Skipping appointments is costly and rude

I find it hard to understand why patients would fail to call ahead when they cannot make medical appointments.

I was raised in a family where a deal was a deal. If Dad said he’d pick us up from school at 4 p.m., he was there at 4 p.m. That commitment carried through to me in raising my family so that now when my daughter or granddaughter says she’ll pick me up at 6:40 to take me to an evening play, I trust I can lock my front door at 6:35 and their car lights will be beaming into my driveway.

So I find it hard to understand how patients who have been given a referral letter by their family doctor for an appointment to see a specialist or to undergo some medical test as an out-patient, fail to keep the appointment or to cancel it in advance so another patient can be booked to make use of the time.

Failure to cancel well ahead is even more distressing given the number of patients in need of urgent care and the shortage of medical facilities to diagnose or treat them.

A British study surveyed 103 no-show patients with a habit of missing appointments. They represented 12 percent of all patients. Their excuses ranged from forgetting to attend, forgetting to cancel, no reason, clerical errors, felt better, were fearful of being seen by junior doctor, inpatient in another hospital, on holiday.

Three had died.

Other valid reasons for missing an appointment would be a hurricane, flood, or a family funeral. But even a funeral would allow for cancellation 48 hours in advance.

A few were too apathetic to respond to the survey.

“Non-attendance at outpatient clinics is an economic drain on national health service resources,” concludes this 1997 British study reported in the June 2002 issue of Journal of the Royal Society of Medicine. Each missed appointment was estimated to cost £65 or just over $108 Canadian.

The second issue is manpower. A patient’s failure to attend, increases the time others must wait to see a hospital specialist. Non-attendance means under-utilization of equipment and manpower.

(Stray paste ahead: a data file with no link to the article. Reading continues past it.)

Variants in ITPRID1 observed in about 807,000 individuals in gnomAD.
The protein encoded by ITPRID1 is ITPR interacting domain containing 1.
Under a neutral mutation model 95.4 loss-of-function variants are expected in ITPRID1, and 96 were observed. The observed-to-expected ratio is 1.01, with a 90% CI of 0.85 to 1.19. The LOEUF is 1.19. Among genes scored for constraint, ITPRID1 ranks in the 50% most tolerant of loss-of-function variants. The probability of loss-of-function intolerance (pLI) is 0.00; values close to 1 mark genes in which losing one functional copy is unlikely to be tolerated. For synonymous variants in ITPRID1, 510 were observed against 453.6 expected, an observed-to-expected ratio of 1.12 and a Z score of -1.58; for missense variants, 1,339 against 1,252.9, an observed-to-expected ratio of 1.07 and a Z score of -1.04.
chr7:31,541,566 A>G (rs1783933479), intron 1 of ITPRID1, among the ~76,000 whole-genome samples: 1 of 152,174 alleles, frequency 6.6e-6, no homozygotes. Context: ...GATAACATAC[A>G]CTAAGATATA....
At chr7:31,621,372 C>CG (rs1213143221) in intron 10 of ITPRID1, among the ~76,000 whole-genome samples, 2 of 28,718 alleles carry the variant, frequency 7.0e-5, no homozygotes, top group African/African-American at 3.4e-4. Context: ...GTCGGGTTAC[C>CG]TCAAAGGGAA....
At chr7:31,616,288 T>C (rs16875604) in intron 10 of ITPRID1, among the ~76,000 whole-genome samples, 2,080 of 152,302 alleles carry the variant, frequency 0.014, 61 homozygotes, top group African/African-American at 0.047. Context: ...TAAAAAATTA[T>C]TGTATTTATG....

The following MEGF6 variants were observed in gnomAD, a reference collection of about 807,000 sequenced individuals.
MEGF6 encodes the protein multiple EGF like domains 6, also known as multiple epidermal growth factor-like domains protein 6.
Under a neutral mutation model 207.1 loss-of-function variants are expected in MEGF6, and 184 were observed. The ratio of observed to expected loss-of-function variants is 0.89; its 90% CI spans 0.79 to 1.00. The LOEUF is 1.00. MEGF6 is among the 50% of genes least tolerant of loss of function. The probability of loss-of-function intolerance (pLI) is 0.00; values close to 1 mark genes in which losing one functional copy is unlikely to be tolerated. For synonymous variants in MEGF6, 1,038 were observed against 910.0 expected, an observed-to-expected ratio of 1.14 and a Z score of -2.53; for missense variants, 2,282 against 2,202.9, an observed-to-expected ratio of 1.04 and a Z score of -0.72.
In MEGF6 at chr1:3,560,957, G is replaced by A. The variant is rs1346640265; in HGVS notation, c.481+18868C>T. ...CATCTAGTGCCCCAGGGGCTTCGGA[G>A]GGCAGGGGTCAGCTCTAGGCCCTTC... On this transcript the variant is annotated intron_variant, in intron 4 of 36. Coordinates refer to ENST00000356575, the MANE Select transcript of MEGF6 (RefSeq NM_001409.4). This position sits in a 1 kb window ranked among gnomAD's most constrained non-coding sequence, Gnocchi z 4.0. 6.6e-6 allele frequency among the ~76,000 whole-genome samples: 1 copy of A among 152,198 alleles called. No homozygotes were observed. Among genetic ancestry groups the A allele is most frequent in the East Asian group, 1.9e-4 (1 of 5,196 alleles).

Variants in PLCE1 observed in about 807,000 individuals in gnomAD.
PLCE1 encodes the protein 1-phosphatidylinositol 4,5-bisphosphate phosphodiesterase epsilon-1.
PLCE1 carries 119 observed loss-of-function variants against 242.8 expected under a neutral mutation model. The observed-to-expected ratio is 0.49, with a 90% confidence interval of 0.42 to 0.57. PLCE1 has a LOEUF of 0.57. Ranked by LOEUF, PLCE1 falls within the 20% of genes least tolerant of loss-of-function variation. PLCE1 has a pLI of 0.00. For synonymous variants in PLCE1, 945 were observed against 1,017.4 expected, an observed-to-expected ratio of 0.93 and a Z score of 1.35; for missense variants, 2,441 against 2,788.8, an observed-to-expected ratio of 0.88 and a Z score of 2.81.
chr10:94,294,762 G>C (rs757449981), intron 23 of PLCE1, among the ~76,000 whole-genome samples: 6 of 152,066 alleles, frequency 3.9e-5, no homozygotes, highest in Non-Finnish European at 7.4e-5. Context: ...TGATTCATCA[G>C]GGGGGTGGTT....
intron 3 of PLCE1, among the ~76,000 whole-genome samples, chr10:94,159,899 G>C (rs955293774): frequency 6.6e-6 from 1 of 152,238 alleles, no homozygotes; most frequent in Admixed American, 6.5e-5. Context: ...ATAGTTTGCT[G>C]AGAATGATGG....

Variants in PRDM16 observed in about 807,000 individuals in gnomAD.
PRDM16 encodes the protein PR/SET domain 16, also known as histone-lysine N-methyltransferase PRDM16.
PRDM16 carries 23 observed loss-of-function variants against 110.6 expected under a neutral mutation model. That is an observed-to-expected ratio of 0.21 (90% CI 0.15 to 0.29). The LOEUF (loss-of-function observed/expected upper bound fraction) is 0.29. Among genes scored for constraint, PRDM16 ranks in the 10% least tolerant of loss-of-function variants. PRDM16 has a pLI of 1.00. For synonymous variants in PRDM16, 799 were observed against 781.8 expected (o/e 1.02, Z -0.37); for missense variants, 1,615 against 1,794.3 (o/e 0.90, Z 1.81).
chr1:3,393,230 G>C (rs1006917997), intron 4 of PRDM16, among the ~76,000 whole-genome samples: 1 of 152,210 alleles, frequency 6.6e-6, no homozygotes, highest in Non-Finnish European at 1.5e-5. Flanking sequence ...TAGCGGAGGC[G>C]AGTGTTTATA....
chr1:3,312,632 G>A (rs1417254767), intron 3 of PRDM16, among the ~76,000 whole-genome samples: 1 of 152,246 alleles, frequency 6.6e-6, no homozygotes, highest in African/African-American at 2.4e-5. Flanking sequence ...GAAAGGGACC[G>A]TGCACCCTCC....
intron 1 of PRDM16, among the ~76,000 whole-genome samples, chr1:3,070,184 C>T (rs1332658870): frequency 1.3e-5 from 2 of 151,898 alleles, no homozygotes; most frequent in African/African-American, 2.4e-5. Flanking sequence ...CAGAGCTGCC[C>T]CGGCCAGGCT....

Lastly no-shows impact patient health. A delay in presentation and therefore diagnosis, or haphazard monitoring of chronic conditions, will predispose to avoidable ill health.

Recently CBC news reported in 2015-16 Newfoundland and Labrador tallied 176,000 patients (or 11 per cent) missing appointments for tests like orthopaedics, endoscopy and diagnostic imaging.

One might expect a similar rate of no-shows occurs in the rest of Canada, adding up to a major scheduling problem.

This is one reason doctors’ offices crowd their schedules and so many of us sit for an hour or more waiting to be seen.

Unless doctors overbook, they could find gaps in their day and less income in their bank accounts.

If everyone does show up, nurses are stressed trying to fit everyone in. Patients are whisked through with scant time to explain the purpose of their visit.

A sign on the wall reads “Only one complaint per visit.” Or words to that effect.

Not like the days when a family doctor took time to hear us out. I’m ever mindful of others in the waiting room checking the clock and slumping lower in their chairs.

Patients who fail to keep their appointments not only display bad manners but disregard for others.

If they were in agony waiting six months or up to two years for a hip replacement, they would be more inclined to check their event calendar regularly and make sure they were available, in town, not on some foreign vacation when their appointment came up.

Clinics are not checkouts. The next customer can’t step forward.

Claudette Sandecki sets her watch daily from her home in Thonrhill, B.C.